Henry Miller was one of the great letter writers of all time, both in prodigious volume and majesterial exposition. But in English novelist Lawrence Durrell, Miller had met his match. Miller and Durrell carried on a correspondence from the time just after they lived in Paris in the ’30’s to well into the 1960’s. Many of the letters have been published; the following is from the ill-titled Lawrence Durrell and Henry Miller A Private Correspondence.
Spring 1944, Alexandria, Egypt
Yes, I got your letters…
Here we are sweltering in an atmosphere that demands a toast – great passions, short lives. Everything is worn thin as eggshell; it’s the fifth year now and the nervous breakdown is coming out into the open. Old women, ginger dons, nursing sisters begin to behave like bacchantes; they are moving in and out of nursing homes with a steady impetus. meanwhile we are crippled here by an anemia and an apathy and a censorship which prevents the least trace of the human voice – of any calibre. We exist on a machine-made diet of gun bomb and tank – backed up by the slogan.
The atmosphere in this delta is crackling like a Leyden jar. You see, in normal times all the local inhabitants spend six months in Europe a year, so they are as stale and beaten thin as the poor white collar man. The poetry I exude these days is dark grey and streaky, like bad bacon. But the atmosphere of sex and death is staggering in its intensity. Meanwhile the big shots come and go, seeing nothing, feeling nothing, in a money daydream; there is still butter and whisky and cafe viennois. A kind of diseased fat spreads over the faces and buttocks of the local populations, who have skimmed the grease off the war efforts in contracts and profiteering. No, I don’t think you would like it. First the steaming humid flatness – not a hill or mound anywhere – choked to bursting point with bones and crummy deposits of wiped out cultures. Then this smashed up broken down shabby Neapolitan town, with its Levantine mounds of houses peeling in the sun. A sea flat, dirty brown and waveless rubbing the port. Arabic, Coptic, Greek, Levant French; no music, no art, no real gaiety. A saturated middle European boredom laced with drink and Packards and beach-cabins. NO SUBJECT OF CONVERSATION EXCEPT MONEY. Even love is thought of in money terms. “You are getting on with her? She has ten thousand a year of her own.” Six hundred greaseball millionaires sweating in ther tarbushes and waiting for the next shot of root-hashish. And the shrieking personal unhappiness and loneliness showing in every face. No, if one could write a single line of anything that had a human smell to it here, one would be a genius. Add to all this a sort of maggot-dance of minor officual place hunting, a Florentine atmosphere of throat slitting and distrust, and you will have some idea of what anyone with a voice or tongue is up against. I am hoping the war will be over soon so I can quit; I’m glad of this little death for all the material it’s put in my way about people and affairs in general. But I’m worn thin with arse-licking and having my grammar corrected by sub-editors from the Bush Times in South America. Here in Alexandria though, I have my own office and almost no interference; so I can run things the way I like. You always used to laugh when I said I was an executive man, but I was right; my office runs like a top; and the people working for me LIKE it. The basic principe is that of the old blind pianist in Paris – remeber? Edgar’s friend Thibaud or some such name. ” Anything that needs effort to do is being done from the wrong centres; it is not worth doing.” Sometime I’ll tell you how I applied that to the running of an effortless speed organization.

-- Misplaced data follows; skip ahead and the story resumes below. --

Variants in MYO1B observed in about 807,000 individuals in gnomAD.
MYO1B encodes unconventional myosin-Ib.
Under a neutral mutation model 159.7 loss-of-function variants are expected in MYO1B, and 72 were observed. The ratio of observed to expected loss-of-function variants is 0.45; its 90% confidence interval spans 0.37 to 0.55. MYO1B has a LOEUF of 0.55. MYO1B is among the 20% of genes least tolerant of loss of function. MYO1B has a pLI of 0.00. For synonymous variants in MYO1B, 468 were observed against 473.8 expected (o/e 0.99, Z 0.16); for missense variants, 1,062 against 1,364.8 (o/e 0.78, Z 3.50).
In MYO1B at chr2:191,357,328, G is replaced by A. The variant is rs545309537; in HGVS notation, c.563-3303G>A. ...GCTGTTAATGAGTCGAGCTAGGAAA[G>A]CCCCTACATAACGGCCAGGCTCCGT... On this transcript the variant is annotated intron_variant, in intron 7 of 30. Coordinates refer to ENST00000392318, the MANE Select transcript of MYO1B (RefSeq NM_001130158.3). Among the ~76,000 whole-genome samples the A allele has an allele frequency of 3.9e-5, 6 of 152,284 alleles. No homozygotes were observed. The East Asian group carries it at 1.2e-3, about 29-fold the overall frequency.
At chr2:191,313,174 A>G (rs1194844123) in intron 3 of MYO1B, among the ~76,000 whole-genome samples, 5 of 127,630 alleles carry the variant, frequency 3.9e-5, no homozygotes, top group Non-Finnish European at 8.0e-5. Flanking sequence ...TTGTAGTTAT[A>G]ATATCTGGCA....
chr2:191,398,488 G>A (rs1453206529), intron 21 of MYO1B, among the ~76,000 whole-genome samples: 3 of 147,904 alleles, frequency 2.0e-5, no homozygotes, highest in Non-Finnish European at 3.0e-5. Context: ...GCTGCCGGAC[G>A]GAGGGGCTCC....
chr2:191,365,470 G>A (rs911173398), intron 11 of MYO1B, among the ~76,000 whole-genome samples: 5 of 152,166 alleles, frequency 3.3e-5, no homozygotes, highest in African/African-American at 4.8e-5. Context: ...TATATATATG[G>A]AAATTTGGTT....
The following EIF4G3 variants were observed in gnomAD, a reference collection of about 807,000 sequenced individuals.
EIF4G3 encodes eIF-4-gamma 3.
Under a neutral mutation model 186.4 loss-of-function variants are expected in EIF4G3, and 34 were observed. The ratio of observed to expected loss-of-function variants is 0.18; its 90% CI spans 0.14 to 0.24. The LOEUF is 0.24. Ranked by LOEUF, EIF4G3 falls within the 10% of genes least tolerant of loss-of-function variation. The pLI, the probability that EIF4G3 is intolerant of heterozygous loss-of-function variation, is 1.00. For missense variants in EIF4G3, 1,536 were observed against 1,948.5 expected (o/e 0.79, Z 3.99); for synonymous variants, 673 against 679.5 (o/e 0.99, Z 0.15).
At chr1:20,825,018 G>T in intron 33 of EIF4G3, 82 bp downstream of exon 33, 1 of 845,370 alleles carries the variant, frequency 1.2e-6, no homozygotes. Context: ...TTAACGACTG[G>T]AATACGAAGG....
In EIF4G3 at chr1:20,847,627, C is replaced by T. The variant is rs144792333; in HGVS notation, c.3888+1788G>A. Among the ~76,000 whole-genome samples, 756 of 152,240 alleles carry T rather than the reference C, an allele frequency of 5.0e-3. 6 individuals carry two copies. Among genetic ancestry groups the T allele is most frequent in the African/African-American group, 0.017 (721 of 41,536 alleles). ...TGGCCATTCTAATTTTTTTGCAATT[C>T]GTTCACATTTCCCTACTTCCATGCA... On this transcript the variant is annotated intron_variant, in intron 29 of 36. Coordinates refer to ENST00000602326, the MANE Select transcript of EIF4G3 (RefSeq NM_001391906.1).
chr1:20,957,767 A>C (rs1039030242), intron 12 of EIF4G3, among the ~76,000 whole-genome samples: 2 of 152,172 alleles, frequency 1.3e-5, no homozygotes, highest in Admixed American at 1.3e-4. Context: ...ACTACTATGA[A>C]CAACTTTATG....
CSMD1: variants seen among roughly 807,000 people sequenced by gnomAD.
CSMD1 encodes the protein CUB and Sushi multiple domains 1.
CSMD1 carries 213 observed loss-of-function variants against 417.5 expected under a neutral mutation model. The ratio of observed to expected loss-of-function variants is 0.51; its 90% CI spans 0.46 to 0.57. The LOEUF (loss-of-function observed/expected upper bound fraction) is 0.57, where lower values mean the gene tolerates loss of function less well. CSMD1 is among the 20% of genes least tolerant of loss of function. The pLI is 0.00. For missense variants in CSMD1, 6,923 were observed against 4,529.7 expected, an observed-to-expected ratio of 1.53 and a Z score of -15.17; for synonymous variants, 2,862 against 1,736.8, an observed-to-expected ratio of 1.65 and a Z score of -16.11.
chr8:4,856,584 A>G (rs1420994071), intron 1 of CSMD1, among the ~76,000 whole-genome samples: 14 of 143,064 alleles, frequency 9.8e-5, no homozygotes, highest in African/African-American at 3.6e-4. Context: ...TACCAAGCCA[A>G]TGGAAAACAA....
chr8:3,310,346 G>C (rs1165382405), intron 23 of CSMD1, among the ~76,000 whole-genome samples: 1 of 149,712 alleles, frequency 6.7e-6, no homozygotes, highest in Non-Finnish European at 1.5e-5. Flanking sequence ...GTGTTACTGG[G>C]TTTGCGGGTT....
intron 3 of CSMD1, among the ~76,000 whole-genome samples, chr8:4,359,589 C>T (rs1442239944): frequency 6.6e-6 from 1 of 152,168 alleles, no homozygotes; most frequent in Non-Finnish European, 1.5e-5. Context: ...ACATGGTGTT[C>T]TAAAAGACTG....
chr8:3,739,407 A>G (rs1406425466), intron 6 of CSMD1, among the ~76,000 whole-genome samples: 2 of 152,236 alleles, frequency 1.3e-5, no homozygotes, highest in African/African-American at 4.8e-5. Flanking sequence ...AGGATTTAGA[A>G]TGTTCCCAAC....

How about a year in Poros now – baked hard rock and glittering sea; followed by autumn in Athens…? No more writing but lying about and taking a long myopic and unbiased view of the universe. Or do you prefer Savings Bonds, Maximum Employment, better plumbing and a prefabricated spiritual life in tune with the Stock Exchange graphs?
If you somehow haven’t read Durrell’s Alexandria Quartet, you should be ashamed. And as always, love your neighbor, read your Miller.